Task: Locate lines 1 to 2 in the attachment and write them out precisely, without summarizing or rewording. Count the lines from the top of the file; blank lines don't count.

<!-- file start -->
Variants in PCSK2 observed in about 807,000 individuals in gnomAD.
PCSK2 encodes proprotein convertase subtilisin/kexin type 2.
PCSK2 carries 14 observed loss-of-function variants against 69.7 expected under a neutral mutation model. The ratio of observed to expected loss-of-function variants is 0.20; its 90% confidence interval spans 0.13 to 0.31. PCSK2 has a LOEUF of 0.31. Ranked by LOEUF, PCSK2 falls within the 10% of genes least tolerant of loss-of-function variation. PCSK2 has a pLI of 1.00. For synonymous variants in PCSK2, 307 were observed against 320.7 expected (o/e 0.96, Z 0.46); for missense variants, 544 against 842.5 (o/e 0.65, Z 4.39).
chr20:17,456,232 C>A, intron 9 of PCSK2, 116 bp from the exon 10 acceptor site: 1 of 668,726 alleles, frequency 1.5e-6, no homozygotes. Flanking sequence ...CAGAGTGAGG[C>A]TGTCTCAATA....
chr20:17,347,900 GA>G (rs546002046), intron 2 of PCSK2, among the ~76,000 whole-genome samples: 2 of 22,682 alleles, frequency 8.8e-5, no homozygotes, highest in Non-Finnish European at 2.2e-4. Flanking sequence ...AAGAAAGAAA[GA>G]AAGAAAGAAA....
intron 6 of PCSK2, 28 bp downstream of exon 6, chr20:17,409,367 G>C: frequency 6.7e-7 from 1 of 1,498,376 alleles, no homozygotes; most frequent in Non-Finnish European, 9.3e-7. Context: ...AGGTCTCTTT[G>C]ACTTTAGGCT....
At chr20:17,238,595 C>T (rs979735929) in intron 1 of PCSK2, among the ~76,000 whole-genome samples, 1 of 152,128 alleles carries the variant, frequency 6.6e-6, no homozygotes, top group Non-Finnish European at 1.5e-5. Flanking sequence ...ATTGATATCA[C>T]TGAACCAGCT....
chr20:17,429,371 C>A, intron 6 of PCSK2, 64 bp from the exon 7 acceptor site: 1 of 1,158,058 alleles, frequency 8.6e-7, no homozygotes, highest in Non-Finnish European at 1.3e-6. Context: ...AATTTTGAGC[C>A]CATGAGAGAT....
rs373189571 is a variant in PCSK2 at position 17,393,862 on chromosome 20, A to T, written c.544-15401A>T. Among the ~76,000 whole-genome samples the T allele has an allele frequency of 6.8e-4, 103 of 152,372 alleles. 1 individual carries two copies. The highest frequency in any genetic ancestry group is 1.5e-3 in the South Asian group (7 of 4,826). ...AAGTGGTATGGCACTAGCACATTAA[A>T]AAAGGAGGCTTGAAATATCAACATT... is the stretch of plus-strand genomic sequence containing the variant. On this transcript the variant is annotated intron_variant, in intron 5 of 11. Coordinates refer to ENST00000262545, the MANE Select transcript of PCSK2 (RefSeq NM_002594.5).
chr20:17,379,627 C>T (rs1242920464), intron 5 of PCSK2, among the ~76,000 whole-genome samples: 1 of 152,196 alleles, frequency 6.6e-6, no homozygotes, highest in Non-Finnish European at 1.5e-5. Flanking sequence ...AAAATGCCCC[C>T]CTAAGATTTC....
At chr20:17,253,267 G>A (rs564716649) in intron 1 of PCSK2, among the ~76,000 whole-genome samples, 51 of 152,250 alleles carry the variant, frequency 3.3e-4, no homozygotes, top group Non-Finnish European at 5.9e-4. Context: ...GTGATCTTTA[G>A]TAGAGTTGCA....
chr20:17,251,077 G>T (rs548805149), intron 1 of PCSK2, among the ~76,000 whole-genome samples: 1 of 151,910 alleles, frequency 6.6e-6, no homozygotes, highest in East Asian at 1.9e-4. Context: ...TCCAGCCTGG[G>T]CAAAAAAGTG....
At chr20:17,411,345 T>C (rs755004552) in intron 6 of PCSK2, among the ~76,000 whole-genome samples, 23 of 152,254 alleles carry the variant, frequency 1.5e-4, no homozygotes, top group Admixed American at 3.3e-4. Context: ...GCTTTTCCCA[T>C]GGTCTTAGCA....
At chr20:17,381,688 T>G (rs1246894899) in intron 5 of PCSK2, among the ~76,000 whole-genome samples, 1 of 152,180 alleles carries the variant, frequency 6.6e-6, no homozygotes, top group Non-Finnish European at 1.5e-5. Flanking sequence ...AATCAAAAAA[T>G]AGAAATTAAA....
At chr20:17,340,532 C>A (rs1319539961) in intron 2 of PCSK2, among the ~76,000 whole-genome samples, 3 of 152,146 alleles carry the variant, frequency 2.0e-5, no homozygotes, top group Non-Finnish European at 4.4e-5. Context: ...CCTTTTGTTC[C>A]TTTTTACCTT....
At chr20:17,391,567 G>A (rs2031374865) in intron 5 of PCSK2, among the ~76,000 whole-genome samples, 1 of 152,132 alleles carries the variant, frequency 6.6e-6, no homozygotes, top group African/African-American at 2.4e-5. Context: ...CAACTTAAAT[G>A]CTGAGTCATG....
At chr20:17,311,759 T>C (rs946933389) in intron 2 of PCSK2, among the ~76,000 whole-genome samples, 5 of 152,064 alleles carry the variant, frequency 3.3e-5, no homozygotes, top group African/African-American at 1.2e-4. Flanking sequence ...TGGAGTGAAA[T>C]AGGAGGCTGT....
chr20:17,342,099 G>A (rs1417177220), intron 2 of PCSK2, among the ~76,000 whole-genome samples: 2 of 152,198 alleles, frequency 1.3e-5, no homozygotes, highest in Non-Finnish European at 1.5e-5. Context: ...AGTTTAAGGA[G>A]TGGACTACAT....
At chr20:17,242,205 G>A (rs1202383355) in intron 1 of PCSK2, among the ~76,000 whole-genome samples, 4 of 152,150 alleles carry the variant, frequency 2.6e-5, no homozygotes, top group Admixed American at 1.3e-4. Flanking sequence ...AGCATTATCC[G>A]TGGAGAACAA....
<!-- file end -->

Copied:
Variants in PCSK2 observed in about 807,000 individuals in gnomAD.
PCSK2 encodes proprotein convertase subtilisin/kexin type 2.